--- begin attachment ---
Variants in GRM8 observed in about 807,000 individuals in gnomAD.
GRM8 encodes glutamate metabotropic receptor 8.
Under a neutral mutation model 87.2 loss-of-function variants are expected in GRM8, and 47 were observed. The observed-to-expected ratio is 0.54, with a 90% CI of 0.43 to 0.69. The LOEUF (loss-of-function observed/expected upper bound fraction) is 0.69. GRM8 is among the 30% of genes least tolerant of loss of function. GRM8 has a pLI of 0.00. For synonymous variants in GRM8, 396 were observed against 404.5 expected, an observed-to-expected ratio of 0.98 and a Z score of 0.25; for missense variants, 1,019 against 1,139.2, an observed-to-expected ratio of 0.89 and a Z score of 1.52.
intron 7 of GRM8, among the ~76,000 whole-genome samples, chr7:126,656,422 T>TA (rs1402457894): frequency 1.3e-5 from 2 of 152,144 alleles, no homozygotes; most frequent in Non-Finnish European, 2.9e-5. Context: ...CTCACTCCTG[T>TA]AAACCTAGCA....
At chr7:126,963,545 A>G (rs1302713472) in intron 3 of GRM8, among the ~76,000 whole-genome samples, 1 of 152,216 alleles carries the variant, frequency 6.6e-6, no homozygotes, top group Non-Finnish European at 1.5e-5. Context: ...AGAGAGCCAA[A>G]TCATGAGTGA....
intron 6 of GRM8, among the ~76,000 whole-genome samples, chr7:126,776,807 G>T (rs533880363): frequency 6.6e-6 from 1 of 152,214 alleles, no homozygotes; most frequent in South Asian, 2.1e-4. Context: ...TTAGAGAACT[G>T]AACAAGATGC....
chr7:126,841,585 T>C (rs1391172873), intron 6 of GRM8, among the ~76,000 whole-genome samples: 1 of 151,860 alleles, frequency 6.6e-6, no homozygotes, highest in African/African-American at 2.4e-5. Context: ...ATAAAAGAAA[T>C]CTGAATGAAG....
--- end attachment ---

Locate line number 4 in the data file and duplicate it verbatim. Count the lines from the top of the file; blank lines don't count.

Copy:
intron 7 of GRM8, among the ~76,000 whole-genome samples, chr7:126,656,422 T>TA (rs1402457894): frequency 1.3e-5 from 2 of 152,144 alleles, no homozygotes; most frequent in Non-Finnish European, 2.9e-5. Context: ...CTCACTCCTG[T>TA]AAACCTAGCA....